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I need a C/C++ source code editor (for Linux) which has Source Insight's features, such as:

  1. Context window : when our cursor is above variable/class/function, the context window will display the declaration of that variable/class or the implementation body of that function
  2. Ctrl+Click at any variable/class/function, it will jump to the declaration/implementation of that variable/class/function
  3. Relation window : to display function call graph or class tree diagram
  4. Database of local symbols : to list all functions or class' members & class' methods

I have tried using CodeBlocks and Eclipse, but they can't deliver coding satisfaction as I used Source Insight. FYI, for temporary solution, I run Source Insight above Wine :)

So.. with those features, do anyone here have suggestion what source code editor I should try to use ?

Thanks in advance.

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2  
Today, Eclipse CDT has all of these features, plus Mylyn rocks da house. Save yourself money. –  Amumu Feb 24 '12 at 14:29
    
Another useful Source Insight ability is parsing your code as you type. You start writing a function, and immediately it's added to the database. –  ugoren Feb 10 '13 at 9:19

7 Answers 7

I am sure you can get close to get all those functionalities with VI + plugins.

Some references:

VI C++ code completion

Introduction to Programming in C/C++ with Vim

And another one that explains why VI

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+1 Vim really is the best choice. –  Octavian Damiean Oct 29 '10 at 8:25
    
thanks for your reference about vi(m). I know some scripts can help us to code in vim, such as NERDtree, FuzzyFinder, etc, but AFAIK there is no script for context window or ctrl+click feature. Moreover, it is not comfort to write thousands files of code with vim. Just my opinion :) –  anggriawan Nov 1 '10 at 8:28

I realize you probably meant to specify "free", but for a commercial tool I really like Understand for C++. That tool excels at helping make sense of a pre-existing code base, showing all the information you've specified and much more, and is a nice editor too. However, it lacks refactoring tools. If you want to rename a variable, for example, at present it effectively finds every flat match and presents them in a gui for you to accept or not, which at least finds instances within comments. That can feel cumbersome if you're used to how smoothly Eclipse lets you rename a variable.

If you want refactoring tools, a good commercial choice is SlickEdit, but SlickEdit doesn't make call trees and control flow graphs. Understand keeps a comprehensive database, which takes more time to update so you need to occasionally tell it to re-parse your files, while SlickEdit keeps less information and is able to update itself on the fly.

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I run Source Insight under wine too, and that became a more or less permanent solution.

If you're patient enough then various flavours of emacs become much faster to use than pretty GUI based tools but that's a personal choice.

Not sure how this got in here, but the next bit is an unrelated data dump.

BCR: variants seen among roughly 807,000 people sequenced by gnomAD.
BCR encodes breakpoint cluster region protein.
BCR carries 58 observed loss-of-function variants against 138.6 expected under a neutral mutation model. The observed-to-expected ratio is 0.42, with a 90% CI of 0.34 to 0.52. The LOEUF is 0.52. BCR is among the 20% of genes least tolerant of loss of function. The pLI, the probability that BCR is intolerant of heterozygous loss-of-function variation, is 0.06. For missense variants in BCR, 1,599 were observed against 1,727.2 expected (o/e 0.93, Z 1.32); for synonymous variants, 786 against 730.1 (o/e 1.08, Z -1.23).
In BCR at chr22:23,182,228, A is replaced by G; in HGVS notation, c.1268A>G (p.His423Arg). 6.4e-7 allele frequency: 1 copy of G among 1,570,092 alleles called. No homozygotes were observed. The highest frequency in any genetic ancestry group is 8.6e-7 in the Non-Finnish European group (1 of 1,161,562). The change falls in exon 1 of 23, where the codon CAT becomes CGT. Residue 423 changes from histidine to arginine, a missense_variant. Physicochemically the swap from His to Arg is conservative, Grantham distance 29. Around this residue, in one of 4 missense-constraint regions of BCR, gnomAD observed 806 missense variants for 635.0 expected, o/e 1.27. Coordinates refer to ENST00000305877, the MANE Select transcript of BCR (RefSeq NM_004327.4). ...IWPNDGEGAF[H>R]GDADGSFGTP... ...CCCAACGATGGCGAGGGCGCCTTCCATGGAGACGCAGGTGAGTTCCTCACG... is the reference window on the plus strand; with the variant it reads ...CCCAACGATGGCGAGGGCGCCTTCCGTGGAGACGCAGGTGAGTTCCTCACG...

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For the free one, you may also try Cscope

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Try KScope kscope.sourceforge.net.

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You can try using Sublime Text Editor. So far my experience is good with Sublime Text. Actually it is proprietary, cross platform (popular platforms including Windows, Mac, Linux) and comes up with unlimited trial, full functional version.

It completely replaced Source Insight for me. It has lots of plugins to extend its functionality beyond the text editors limit. Try using it :)

EDIT:

Latest & greatest Sublime Text3 came up with lots of features including build-in symbol definition finder (function definition finder). It is really worth of trying.

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@anurprasad: could you tell me how to use source insight features like "Jump to declaration" or "Jump to definition" in sublime text editor? Any demo or any useful link. –  Shan singh Jun 8 at 16:27
    
@Shansingh Try with Sublime Text 3. From the menu, Goto->Goto Definition(F12) –  Arunprasad Rajkumar Jun 9 at 7:48
    
Unfortunately, sublime text is missing most important feature: call graph (references to function) .There is plug-in for cscope, but it is not even close to SourceInsight –  mishmashru Sep 4 at 20:13
    
@mishmashru you can add more features by implementing a sublime plugins. –  Arunprasad Rajkumar Sep 5 at 4:32

Alternative solution to your question. Depends on your computers configuration, you can map your Linux network directory on Windows machine. For this, setup NFS server on your Linux machine, and add directory to share to /etc/exports file. On Windows machine, map network drive using \\servername\sharedirectory\somesubdirectory. Then use Source Insight as usual.

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and screw file attributes, symbolic links, etc. Moreover if you have two files "File" and "fILE" they are the same for Windos –  mishmashru Sep 4 at 20:14

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